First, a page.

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Mahavamsa, The: The Great Chronicle of Sri Lanka
Author Mahanama Thera, Modern Text and Historical Commentary by Douglas Bullis
ISBN 9551266099
Publisher Vijitha Yapa Publications, 2005
Pages 439
Size 17.5 x 24 x 3.4 cm, PB
Weight 750
Our Price Rs. 1,250.00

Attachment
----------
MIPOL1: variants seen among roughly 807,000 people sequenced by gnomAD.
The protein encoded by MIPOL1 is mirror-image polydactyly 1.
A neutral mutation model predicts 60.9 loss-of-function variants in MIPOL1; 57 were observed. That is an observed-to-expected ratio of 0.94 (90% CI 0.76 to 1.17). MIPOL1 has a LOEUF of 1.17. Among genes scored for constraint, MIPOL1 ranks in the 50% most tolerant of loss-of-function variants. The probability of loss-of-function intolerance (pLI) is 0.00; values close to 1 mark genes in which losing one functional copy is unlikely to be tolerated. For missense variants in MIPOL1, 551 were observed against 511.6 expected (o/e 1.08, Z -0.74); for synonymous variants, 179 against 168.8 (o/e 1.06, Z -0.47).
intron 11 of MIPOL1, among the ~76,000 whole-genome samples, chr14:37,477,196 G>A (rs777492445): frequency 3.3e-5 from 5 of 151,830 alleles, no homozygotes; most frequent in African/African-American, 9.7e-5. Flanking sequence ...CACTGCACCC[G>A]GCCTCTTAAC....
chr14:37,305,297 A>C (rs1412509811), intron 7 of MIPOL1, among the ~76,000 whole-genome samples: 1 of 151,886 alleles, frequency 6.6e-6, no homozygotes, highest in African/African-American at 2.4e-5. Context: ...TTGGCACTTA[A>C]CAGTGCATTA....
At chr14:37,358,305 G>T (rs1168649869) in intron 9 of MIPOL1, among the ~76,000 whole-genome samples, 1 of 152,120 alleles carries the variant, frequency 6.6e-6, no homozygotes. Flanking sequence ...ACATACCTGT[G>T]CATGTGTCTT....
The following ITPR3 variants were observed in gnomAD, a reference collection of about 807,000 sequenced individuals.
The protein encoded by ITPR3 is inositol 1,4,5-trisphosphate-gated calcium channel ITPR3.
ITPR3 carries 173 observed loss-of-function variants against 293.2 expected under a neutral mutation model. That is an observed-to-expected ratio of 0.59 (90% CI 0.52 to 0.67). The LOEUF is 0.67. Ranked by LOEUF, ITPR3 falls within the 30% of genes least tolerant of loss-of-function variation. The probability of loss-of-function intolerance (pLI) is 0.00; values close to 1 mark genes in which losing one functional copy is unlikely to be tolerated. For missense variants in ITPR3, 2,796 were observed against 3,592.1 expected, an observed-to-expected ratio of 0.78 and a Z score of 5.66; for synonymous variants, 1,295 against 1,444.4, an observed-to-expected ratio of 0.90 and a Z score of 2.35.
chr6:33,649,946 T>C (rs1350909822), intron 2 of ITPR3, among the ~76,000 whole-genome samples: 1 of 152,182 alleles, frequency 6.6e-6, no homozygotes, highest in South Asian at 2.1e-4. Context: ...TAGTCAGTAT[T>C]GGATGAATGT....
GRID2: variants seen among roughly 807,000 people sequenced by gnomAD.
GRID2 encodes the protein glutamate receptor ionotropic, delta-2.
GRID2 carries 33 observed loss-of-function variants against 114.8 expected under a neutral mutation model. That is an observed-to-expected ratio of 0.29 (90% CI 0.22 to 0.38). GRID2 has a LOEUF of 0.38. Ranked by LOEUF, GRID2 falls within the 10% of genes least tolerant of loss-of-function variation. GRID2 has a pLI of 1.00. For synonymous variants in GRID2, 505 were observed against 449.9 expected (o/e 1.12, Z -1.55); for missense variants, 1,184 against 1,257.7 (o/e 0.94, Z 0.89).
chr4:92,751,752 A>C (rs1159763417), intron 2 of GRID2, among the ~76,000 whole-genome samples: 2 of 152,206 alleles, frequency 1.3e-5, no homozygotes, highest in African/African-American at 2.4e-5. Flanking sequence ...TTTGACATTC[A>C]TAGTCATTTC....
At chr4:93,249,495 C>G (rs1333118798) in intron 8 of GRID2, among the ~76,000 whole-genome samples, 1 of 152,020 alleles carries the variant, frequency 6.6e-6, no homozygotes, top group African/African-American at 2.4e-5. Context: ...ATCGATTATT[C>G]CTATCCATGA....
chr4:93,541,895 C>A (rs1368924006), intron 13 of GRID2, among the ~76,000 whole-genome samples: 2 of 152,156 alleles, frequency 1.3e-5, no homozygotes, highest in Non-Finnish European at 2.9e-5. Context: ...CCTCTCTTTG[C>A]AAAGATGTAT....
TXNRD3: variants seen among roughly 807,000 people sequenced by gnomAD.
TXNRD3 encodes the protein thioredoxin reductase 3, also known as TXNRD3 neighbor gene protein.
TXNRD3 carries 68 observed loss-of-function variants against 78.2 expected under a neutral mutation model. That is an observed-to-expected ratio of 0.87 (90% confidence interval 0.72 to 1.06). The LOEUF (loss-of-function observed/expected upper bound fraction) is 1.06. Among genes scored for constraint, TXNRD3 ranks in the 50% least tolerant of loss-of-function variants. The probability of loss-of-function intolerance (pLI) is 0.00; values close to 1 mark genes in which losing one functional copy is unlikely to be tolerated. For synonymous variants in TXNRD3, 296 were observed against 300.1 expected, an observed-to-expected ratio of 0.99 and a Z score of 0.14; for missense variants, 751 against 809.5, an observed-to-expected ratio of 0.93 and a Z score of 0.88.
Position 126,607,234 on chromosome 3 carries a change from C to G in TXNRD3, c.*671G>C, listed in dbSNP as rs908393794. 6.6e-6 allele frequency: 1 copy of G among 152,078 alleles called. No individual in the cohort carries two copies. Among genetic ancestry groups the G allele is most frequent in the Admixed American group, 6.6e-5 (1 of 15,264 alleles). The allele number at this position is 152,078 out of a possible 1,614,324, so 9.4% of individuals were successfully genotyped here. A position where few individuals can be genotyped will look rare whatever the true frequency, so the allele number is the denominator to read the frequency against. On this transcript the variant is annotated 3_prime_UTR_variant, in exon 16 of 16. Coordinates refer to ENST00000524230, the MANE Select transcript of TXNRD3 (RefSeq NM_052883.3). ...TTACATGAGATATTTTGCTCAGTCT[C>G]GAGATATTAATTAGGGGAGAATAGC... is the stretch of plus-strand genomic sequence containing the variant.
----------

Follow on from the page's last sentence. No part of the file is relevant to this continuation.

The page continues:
THE EPIC OF ANCIENT LANKA'S FOUNDING AND EARLY HISTORY is probably the least known of all the world's great chronicles. The Mahavamsa or "Great Chronicle" is much less familiar than its forebears, the Ramayana and the Mahabharata. The Mahavamsa describes the introduction of Theravada Buddhism into Lanka and the development of the Buddhist nation-state that predominates in Sri Lanka today. The Mahavamsa's sweeping relation of the period from approximately 500 BCE through 301 ACE describes the origins of virtually every religious practice and social institution on the island. Some of these are: the commonwealth that developed between ruler, religion, and populace; popular Buddhism's fusion with local shamanistic beliefs and practices from Brahmanism, Hinduism, and Tantra; the dilution of the caste system by removing its religious proscriptions; the perennially mistrustful relationshop with Dravidian kingdoms in southern India; the great resevoir-based irrigation system; and the assertive yet unaggressive culture which developed from the cultivator mentality of the rice paddy and moral principles of Buddhism. Beyond these social and historical issues, the Mahavamsa possesses literary quaities which place it alongside the best of the literature emanating from the Subcontinent's civilization... The Mahavamsa and its successor the Culavamsa relate a 2,300-year span of history from the quasi-legandary arrival of an Indo-Aryan royal prince about 483 BCE to 1795, the beginning of the British colonial period. For many years Western scholars thought the fabulous stories in the few available written copies of the Mahavamsa to be a mix of apocrypha and speculative literature. Only in 1826 did a British civil servant discover a longlost commentary, called a Tika, in a cave in the south of the island. The Tika established the factural nature of much of what the Mahavamsa related. Temporary Out of Stock. Re-print under consideration



 

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